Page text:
|Publication number||US5843695 A|
|Application number||US 08/641,774|
|Publication date||Dec 1, 1998|
|Filing date||Apr 30, 1996|
|Priority date||Apr 27, 1993|
|Also published as||DE69404370D1, DE69404370T2, EP0622079A2, EP0622079A3, EP0622079B1|
|Publication number||08641774, 641774, US 5843695 A, US 5843695A, US-A-5843695, US5843695 A, US5843695A|
|Original Assignee||Oriental Yeast Co., Ltd.|
|Export Citation||BiBTeX, EndNote, RefMan|
|Patent Citations (4), Non-Patent Citations (14), Classifications (9), Legal Events (3)|
|External Links: USPTO, USPTO Assignment, Espacenet|
This application is a divisional of application Serial No. 08/232,474, filed Apr. 25, 1994, now abandoned.
The present invention relates to an agent decomposing βAP (amyloid β-protein or A4 protein).
After formation of βAP, its aggregation causes the formation of senile plaques to be seen on the outside of neurocytes in the brain of a patient suffering from Alzheimer's disease (AD). Therefore, the βAP decomposing agent of the present invention is expected to be useful also as a medicine for preventing and curing Alzheimer's disease.
In general, Alzheimer's disease is a typical dementia, with which middle-aged or old-aged persons are often attacked, and this causes noticeable dysmnesia and retardation of mental capacity due to denaturation of neurons. Senile plaques appear on the outside of neurons in the brain of a patient suffering from Alzheimer's disease. Senile plaques consist essentially of βAP, in which it is seen that βAP aggregates by itself to form the cores of the plaques and denatured neuraxones surround the cores.
It has not been clarified as yet why βAP is produced to form senile plaques only in patients suffering from Alzheimer's disease. In fact, the formation of senile plaques is not seen in the aged with healthy mental capacity.
It is known that βAP is derived from APP (amyloid protein precursor) which is a cell membrane protein having a molecular weight of about 100,000.
APP is produced by an APP gene, which produces three major forms of related proteins (APP770, APP751, and APP695) due to the difference in the splicing. As one example, APP770 will be illustrated in the drawings attached hereto.
FIG. 2 shows the outline structure of APP770, and its amino acid sequence has already been clarified as shown in FIG. 1.
In FIG. 2, 1 indicates the signal sequence from 1 M (Met), and APP is comprised of 770 amino acids that are sequenced in order. 6 is a glycosylation domain where carbohydrate chains bond to the sequence at two sites, as shown by two CHO's in FIG. 2. In FIG. 2, the domain 8 corresponds to the transmembrane region that has penetrated the plasma membrane.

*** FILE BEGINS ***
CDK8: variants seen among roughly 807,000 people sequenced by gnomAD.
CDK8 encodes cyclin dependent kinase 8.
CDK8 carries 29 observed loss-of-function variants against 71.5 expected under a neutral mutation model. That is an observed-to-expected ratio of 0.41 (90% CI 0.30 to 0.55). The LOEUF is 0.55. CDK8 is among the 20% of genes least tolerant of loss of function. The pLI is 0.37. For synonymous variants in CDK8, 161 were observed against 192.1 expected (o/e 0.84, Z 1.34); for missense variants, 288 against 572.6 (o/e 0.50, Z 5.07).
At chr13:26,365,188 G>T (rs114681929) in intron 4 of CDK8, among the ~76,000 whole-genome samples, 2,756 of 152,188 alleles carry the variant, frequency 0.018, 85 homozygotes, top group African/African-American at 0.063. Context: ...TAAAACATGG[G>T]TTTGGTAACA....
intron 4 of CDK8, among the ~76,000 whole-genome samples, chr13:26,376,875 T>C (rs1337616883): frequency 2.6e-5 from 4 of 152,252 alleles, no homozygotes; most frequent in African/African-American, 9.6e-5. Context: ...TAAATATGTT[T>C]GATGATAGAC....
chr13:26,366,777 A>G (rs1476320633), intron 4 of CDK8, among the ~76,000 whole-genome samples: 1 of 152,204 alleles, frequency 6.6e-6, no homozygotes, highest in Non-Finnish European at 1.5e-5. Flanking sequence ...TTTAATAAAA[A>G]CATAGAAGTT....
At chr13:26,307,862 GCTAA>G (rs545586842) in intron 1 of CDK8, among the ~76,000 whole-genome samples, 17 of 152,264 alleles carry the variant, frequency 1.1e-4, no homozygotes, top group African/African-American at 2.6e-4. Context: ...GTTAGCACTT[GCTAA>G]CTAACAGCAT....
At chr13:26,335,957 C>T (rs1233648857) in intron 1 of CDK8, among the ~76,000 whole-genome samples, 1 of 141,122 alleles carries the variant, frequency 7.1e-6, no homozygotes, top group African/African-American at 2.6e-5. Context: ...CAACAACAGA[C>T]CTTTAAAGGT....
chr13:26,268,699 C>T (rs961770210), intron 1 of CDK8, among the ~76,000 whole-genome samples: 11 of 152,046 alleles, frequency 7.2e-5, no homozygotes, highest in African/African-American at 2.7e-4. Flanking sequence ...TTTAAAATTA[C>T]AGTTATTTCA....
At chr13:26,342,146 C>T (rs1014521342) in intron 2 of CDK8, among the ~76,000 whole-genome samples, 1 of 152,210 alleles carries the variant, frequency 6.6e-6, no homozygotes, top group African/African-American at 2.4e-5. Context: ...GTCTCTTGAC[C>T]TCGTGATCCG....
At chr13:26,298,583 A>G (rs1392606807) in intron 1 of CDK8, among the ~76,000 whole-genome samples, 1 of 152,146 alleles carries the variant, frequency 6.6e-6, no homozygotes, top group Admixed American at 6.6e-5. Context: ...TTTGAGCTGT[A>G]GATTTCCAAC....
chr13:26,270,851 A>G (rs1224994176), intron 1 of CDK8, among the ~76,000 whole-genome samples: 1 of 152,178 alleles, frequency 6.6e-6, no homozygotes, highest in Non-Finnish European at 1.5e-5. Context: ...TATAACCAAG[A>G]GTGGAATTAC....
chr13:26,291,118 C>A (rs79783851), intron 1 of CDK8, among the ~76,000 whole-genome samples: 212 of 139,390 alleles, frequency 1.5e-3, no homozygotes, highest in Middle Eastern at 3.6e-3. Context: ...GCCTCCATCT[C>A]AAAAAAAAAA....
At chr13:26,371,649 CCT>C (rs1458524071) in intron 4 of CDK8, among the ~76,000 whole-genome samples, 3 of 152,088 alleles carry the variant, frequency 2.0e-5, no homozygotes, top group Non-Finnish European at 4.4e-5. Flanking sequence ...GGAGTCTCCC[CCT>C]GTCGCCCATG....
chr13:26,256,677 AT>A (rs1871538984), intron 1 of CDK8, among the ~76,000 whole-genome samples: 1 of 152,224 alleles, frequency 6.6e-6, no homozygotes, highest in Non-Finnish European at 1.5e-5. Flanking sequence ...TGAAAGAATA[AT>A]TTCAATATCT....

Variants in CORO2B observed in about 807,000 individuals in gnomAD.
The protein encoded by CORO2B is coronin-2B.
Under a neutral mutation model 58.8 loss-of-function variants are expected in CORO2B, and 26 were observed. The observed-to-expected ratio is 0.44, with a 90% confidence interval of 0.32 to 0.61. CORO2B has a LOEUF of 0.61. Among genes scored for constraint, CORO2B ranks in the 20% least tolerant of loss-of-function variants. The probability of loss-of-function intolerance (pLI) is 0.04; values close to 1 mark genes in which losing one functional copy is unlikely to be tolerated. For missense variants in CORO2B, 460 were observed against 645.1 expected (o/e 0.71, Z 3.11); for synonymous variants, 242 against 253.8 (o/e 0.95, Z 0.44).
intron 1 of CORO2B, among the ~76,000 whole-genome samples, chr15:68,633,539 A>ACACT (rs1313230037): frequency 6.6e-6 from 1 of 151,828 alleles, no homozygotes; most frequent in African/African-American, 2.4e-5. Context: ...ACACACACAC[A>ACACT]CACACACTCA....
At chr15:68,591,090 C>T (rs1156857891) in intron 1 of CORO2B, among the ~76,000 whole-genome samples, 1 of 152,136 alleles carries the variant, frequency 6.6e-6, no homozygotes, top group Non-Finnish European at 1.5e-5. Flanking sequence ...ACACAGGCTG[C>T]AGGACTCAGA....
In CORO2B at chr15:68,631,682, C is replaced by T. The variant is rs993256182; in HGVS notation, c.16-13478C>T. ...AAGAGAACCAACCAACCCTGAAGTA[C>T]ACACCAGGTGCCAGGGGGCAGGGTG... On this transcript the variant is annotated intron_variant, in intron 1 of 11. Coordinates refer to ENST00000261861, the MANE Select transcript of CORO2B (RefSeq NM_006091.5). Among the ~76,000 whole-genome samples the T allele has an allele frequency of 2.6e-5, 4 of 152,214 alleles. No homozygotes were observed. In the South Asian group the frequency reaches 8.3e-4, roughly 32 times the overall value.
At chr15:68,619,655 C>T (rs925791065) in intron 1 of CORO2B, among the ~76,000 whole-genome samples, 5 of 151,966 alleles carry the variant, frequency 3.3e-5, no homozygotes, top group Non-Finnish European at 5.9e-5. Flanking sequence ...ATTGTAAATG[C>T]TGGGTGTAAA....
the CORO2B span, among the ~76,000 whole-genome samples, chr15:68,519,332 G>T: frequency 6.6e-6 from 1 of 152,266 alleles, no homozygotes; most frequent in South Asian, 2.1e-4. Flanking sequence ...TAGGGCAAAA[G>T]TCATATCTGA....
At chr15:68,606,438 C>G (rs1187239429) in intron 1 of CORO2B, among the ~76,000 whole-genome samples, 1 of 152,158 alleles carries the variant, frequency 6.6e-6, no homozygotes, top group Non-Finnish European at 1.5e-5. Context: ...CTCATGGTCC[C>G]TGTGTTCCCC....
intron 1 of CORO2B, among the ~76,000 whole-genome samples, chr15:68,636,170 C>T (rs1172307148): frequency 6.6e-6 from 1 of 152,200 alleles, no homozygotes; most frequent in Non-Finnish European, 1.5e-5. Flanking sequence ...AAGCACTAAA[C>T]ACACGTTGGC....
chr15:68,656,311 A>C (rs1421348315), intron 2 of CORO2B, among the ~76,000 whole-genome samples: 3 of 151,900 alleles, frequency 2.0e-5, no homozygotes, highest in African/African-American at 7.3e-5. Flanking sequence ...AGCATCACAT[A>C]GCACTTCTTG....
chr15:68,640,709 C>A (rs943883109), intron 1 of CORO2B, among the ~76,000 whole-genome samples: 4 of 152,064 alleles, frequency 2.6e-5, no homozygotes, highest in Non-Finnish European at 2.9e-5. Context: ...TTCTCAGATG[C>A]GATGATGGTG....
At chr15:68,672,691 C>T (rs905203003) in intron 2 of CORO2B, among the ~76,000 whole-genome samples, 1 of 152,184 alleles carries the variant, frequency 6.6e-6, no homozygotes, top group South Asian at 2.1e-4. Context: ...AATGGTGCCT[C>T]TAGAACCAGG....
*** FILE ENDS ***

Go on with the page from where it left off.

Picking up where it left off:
When APP is cut at the site of D in FIG. 2(A) or, that is, at the arrowed site in the sequence of FIG. 2(D), it causes no disorder; but, in APP, if the part of D is closed to complete the domain 7 as one part (dark area) and the both sides of the domain 7 are cut, then APP liberates βAP (the whole domain 7). βAP is a mixture of peptides having the sequence comprising 1st to 39-43th amino acids (corresponding to amino acid residues 672 through 710-714 of SEQ ID NO:1). FIG. 3 shows the structure of βAP1-40 (corresponding to amino acid residues 672-711 of SEQ ID NO:1).
In healthy persons, APP is cut at its center part without forming β-amyloid. However, it has heretofore been unknown at all what will act on the arrowed site in FIG. 2(D) (the site is same as the position of the arrow 2 in FIG. 3).
The present inventor has considered if the bond between 687K (Lys) and 688L (Leu) in the amino acid sequence of APP770 shown in FIG. 1 may be cut or if the bond between 16K (Lys) and 17L (Leu) in βAP shown in FIG. 3 may be cut more rapidly and more strongly before, during or after the formation of β-amyloid, then Alzheimer's disease may be prevented, retarded or cured.
FIG. 1 shows the amino acid sequence of APP770 by one-letter designation (SEQ ID NO:1).
FIGS. 2(A)-2(D). FIG 2(A) shows the outline of the domain structure of APP770 as well as amino acid sequences corresponding to FIG. 2(B) amino acid residues 18-28, FIG. 2(C) amino acid residues 439-445 and FIG. 3(D) amino acid residues 681-691, of SEQ ID NO:1.
FIG. 3 shows the amino acid sequence corresponding to amino acid residues 672-711 of SEQ ID NO:1, including the cleavage sites of βAP to be cut by gelatinase A.
FIGS. 4(A) and 4(B) show the graph of reversed phase HPLC of βAP (FIG. 4(A) decomposed by gelatinase A (FIG. 4(B)).
Considering the above-mentioned problems, the present inventor assiduously studied and has found surprisingly that gelatinase A which decomposes gelatin has the action in question. On the basis of the finding, the inventor has completed the present invention.
The present invention relates to a βAP-decomposing agent containing, as the active ingredient, gelatinase A, a limited decomposate of gelatinase A, progelatinase A, a composite to which any of them has bonded or a material containing any of them.
The present invention also relates to a medicine for preventing and curing Alzheimer's disease, which contains, as the active ingredient, gelatinase A, a limited decomposate of gelatinase A, progelatinase A, a composite to which any of them has bonded or a material containing any of them.
According to the present invention, it has been newly found that gelatinase A, a limited decomposate of gelatinase A having a molecular weight of about 40,000, etc. may cut the center part of βAP or, that is, the bond between 687K (Lys) and 688L (Leu) in the amino acid sequence of APP770 shown in FIG. 1.